Sierra Leone diamond exports up 43 pct in first half of 2013
FREETOWN Aug 16 (Reuters) - Sierra Leone exported $102 million worth of diamonds in the first half of 2013, up from $71 million in the same period last year, largely due to higher output from the country's main producer, the National Mineral Agency said on Friday.
The government collected $5.1 million in taxes in line with the mining code's 5 percent levy on exports, highlighting progress in channelling diamond revenues through the government.
"At the end of the first half of 2013, exports exceeded those of 2012 by 42.95 percent, an improvement of $30.71 million," Ibrahim Mohmed, who oversees the diamond sector at the NMA, told Reuters.
"The total diamonds exported ... amounted to 331,471 carats valued at $102,205,588," he said.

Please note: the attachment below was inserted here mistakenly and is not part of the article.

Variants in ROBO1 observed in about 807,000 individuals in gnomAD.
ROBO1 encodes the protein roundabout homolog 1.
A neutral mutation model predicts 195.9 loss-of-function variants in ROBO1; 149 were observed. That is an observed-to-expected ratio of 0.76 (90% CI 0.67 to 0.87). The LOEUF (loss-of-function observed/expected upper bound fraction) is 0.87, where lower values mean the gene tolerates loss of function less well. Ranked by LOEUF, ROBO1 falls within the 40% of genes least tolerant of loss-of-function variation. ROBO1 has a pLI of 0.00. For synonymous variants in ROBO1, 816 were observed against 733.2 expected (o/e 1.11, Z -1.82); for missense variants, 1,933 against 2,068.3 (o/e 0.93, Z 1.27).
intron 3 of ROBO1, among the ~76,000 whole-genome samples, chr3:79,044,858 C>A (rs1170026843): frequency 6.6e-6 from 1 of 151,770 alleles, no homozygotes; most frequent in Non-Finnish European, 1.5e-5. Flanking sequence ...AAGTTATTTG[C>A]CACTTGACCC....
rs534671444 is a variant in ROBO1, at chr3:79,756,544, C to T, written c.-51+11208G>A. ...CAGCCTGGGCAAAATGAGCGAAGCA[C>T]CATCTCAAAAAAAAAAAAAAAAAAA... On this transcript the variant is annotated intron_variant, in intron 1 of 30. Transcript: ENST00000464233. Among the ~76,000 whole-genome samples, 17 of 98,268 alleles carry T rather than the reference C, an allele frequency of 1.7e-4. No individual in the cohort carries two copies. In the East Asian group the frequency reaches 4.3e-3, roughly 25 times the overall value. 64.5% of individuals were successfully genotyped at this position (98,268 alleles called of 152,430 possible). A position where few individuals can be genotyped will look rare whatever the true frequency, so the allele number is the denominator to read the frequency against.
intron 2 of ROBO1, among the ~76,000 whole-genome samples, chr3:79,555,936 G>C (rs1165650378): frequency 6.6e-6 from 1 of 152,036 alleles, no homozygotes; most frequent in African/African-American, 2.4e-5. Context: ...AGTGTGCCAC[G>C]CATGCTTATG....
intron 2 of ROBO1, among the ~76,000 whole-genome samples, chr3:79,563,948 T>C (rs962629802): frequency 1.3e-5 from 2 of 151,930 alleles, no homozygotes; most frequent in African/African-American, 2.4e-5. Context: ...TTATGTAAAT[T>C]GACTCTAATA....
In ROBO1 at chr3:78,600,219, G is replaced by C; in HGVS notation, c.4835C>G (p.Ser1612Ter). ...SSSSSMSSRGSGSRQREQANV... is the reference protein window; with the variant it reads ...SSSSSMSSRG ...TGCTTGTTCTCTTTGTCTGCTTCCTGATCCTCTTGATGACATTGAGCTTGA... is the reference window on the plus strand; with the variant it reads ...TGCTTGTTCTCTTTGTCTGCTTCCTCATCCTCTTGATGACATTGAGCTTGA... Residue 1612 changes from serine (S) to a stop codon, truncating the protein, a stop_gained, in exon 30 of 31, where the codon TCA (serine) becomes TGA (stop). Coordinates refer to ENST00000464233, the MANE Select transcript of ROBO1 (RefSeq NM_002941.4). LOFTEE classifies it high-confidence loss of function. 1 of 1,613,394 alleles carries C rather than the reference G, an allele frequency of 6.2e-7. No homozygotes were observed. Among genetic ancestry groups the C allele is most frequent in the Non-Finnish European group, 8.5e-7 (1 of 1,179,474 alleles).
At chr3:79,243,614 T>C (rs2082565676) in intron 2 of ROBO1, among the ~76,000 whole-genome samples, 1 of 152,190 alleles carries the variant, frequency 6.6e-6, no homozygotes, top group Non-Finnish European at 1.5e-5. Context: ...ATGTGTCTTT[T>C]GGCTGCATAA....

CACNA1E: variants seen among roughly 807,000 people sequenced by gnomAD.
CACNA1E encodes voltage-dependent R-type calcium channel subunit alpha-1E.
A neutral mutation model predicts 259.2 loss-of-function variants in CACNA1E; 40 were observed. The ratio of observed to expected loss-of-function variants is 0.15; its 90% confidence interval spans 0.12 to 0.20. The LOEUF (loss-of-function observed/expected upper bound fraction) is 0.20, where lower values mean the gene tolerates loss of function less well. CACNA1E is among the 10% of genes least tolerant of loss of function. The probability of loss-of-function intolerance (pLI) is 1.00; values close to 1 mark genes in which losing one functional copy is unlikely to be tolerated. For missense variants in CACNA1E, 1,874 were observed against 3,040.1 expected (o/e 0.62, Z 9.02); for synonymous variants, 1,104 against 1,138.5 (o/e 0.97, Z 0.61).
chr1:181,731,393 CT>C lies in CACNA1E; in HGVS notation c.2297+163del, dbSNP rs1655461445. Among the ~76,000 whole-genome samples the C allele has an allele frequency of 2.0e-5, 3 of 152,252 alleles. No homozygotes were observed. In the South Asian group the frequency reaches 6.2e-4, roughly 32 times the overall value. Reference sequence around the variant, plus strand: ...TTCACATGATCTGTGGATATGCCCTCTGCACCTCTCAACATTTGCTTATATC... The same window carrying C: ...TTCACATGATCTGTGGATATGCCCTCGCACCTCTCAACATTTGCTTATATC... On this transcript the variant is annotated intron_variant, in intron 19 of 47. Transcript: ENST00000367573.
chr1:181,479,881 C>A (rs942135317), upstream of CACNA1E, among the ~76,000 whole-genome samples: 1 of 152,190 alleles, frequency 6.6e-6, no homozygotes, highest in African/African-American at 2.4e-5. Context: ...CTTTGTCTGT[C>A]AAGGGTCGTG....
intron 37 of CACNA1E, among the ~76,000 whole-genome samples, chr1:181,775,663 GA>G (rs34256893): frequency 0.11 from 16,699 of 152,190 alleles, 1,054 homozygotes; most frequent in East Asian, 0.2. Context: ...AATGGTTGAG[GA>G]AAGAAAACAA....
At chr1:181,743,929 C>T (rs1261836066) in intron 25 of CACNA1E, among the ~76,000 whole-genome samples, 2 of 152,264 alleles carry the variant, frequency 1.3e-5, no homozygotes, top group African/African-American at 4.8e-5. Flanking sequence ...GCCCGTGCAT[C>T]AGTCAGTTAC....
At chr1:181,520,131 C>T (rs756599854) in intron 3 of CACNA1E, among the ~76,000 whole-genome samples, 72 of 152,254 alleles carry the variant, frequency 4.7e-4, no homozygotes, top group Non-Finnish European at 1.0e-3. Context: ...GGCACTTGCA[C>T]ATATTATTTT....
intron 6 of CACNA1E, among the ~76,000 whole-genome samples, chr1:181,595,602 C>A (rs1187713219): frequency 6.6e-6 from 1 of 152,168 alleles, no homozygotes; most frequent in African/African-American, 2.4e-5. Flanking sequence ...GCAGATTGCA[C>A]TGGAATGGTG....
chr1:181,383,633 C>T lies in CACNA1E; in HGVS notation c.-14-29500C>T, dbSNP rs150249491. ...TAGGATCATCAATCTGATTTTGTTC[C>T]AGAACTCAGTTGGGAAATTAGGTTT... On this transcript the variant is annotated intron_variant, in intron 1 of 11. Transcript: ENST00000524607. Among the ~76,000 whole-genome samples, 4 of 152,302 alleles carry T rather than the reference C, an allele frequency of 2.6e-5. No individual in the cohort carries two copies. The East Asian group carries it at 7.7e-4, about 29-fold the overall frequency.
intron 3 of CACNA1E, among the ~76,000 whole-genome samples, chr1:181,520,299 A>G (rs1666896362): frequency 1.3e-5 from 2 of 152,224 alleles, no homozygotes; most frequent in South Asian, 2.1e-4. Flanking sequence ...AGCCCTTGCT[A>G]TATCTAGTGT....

Sierra Leone exported 296,334 carats of diamonds in 2012.
The NMA said that increased production from Koidu Holdings had been primarily responsible for the rise in output. Koidu is Sierra Leone's only commercial pit mining operation. It is privately-owned by Israeli diamond trader Beny Steinmetz's BSG Resources through its Octea diamond unit.
Kimberlite, or industrial, production accounted for 62 percent of the diamond exports with a total of 205,834 carats over the six month period.
Other artisanal production accounted for the rest, producing some 125,637 carats.
The United Nations in 2003 lifted a worldwide ban on diamonds exported from Sierra Leone and the country is now a member of the Kimberley Process.
The Kimberley Process certification scheme was established by the industry, producer countries and civil society groups in the wake of diamond-fueled wars in Angola, Sierra Leone and Liberia to ensure that revenues from diamonds sold on the world market were not financing violence.
(Reporting by Christo Johnson; editing by Joe Bavier and Keiron Henderson)
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